• Compassion -> “the self-discipline to imagine and remember that everyone faces hurdles.” Understand and care about others. “People don’t care how much you know until they know how much you care.” John Maxwell
  • Commitment -> “matters because if you demonstrate your dedication to achieving the organization’s goals, it can be contagious.”
Further materials about framing:
  • 📖 Edgar Shine: Humble Inquiry: the Gentle Art of Asking Instead of Telling
  • 📖 Carol Dweck – Mindset: The New Psychology of Success
Use the practice of three Cs:
  • “Failure is a necessary part of uncertainty and innovation (…)”
  • “Leaders who respond to all failures in the same way will not create a healthy environment for learning. When a failure occurs because someone violated a rule or value that matters in the organization, this is very different than when a thoughtful hypothesis in the lab turns out to be wrong. Although obvious in concept, in practice people routinely get this wrong.”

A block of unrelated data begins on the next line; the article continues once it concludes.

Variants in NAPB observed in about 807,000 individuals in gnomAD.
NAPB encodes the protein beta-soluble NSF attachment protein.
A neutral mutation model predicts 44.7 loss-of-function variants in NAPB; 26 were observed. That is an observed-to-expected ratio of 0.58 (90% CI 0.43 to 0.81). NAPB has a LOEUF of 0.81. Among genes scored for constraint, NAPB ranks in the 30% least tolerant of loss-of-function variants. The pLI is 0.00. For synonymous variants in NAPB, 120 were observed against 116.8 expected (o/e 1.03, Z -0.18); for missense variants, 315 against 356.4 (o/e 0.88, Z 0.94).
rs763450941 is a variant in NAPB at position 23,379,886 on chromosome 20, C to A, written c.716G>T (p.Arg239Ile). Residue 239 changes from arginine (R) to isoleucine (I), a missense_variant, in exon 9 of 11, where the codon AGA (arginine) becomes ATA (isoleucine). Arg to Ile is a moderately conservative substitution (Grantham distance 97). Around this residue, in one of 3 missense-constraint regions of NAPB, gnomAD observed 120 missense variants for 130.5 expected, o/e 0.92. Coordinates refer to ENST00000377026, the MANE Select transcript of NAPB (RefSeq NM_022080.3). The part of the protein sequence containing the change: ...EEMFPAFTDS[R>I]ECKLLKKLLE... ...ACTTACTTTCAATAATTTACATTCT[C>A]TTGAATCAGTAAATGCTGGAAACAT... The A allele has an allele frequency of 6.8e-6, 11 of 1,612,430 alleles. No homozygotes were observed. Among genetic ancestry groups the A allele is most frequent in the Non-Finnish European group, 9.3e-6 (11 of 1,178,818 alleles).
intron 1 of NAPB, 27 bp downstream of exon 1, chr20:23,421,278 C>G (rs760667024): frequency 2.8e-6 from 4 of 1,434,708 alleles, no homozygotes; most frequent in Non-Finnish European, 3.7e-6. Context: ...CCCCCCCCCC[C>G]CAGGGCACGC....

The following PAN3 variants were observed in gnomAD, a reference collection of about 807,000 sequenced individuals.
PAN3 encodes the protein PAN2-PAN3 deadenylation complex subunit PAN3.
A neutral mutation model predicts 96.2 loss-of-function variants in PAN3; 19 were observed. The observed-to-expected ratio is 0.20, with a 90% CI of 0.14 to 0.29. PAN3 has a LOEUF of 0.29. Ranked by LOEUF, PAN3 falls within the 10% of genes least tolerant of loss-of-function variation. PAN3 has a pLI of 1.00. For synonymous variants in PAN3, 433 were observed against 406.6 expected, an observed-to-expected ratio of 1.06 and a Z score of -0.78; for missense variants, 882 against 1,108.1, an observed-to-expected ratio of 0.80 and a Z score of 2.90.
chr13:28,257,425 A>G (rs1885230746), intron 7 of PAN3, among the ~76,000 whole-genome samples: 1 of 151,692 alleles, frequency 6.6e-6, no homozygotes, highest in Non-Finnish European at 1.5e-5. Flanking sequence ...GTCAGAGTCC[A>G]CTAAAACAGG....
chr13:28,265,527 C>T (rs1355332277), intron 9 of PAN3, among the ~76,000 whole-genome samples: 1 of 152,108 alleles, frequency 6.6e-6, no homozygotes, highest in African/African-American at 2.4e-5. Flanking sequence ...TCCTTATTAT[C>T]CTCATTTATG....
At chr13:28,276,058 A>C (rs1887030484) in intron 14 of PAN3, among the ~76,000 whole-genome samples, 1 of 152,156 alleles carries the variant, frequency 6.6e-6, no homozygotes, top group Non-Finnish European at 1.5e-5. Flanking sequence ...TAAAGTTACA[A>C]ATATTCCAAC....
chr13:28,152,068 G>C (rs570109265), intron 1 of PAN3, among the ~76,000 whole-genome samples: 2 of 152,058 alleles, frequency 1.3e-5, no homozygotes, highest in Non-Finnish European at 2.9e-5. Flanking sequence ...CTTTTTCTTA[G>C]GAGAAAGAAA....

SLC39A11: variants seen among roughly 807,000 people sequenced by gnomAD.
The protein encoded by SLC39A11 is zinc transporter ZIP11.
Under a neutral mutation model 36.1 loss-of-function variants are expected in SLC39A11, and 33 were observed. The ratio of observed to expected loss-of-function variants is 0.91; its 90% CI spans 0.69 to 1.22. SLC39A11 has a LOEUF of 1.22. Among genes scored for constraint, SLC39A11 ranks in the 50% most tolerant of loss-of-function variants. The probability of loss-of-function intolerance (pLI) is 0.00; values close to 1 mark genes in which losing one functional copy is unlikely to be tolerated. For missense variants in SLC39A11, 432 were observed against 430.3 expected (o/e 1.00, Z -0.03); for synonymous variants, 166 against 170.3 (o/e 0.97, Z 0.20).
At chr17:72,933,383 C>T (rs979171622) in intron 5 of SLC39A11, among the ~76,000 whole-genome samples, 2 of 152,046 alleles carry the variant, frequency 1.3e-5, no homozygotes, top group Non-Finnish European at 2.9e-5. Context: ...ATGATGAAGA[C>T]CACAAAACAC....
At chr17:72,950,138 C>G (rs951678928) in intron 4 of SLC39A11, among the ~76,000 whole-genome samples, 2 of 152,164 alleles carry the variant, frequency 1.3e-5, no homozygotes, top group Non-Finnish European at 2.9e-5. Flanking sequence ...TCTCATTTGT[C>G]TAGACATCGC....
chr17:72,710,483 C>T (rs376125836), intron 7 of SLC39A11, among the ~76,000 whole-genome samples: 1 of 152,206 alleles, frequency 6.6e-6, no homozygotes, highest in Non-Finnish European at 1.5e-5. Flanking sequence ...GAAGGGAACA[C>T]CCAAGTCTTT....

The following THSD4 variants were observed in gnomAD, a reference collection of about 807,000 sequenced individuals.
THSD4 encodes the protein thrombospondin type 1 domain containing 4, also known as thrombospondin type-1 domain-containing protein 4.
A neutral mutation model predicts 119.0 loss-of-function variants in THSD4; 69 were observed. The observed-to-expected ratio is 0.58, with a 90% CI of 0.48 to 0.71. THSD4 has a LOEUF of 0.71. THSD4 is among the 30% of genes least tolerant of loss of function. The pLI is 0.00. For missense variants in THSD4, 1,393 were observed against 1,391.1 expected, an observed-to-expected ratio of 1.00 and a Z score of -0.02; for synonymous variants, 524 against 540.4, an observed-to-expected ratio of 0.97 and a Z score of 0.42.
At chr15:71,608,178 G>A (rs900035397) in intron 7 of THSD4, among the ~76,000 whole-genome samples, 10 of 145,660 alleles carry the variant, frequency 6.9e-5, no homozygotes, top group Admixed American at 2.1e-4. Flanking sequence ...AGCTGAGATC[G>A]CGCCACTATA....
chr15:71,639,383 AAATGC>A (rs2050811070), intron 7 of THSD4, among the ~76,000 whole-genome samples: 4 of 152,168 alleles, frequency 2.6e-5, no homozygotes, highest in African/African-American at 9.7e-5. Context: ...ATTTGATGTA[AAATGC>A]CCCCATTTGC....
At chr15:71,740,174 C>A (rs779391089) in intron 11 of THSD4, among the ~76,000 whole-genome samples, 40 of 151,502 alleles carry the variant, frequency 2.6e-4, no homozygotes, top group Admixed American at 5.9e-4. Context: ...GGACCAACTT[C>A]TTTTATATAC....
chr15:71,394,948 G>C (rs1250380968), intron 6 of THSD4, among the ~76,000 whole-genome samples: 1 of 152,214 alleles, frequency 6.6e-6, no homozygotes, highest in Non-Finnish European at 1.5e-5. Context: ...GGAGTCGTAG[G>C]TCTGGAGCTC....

• studies show: when leaders don’t respond productively to failure “many failures go unreported and their lessons are lost”
  • to answer differently to different types of failures see the TYPOLOGY OF FAILURE explained above
  • “But won’t this kill the psychological safety? No. Most people are thoughtful enough to recognize (and appreciate) that when people violate rules or repeatedly take risky shortcuts, they are putting themselves, their colleagues, and their organization at risk.”


VW diesel emission scandal
Company goal in 2007
  • triple the company’s US sales within 10 years
The challenge
  • create clean diesel for the US market
  • VW manager-engineer Wolfgang Hatz admitted in 2007: “The CARB [California Air Resources Board] is not realistic. We can do quite a bit, and we will do quite a bit. But impossible we cannot do.”